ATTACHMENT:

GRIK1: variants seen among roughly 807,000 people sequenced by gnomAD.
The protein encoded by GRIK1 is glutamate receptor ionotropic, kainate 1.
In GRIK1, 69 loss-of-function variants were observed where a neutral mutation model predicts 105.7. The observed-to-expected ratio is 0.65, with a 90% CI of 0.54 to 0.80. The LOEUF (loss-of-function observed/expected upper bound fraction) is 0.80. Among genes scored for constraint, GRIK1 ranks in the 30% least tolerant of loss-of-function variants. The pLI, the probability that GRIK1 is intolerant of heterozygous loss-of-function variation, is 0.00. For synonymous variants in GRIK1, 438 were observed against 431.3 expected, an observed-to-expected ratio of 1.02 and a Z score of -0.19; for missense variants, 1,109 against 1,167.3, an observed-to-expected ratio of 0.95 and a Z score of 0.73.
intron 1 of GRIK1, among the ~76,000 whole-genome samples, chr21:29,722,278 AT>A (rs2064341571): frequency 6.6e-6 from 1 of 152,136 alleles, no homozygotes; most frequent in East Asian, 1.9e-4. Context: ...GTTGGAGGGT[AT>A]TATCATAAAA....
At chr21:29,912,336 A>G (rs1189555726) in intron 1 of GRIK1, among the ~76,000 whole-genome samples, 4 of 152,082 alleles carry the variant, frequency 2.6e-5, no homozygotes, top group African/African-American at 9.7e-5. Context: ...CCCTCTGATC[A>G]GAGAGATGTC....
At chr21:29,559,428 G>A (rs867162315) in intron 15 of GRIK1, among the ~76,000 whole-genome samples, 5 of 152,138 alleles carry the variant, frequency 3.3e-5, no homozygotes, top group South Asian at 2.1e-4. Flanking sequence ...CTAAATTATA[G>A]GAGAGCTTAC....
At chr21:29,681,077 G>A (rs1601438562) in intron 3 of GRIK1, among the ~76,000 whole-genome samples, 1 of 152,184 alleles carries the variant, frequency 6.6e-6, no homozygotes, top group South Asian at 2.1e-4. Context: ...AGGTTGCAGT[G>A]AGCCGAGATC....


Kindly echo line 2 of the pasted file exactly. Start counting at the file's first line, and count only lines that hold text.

The protein encoded by GRIK1 is glutamate receptor ionotropic, kainate 1.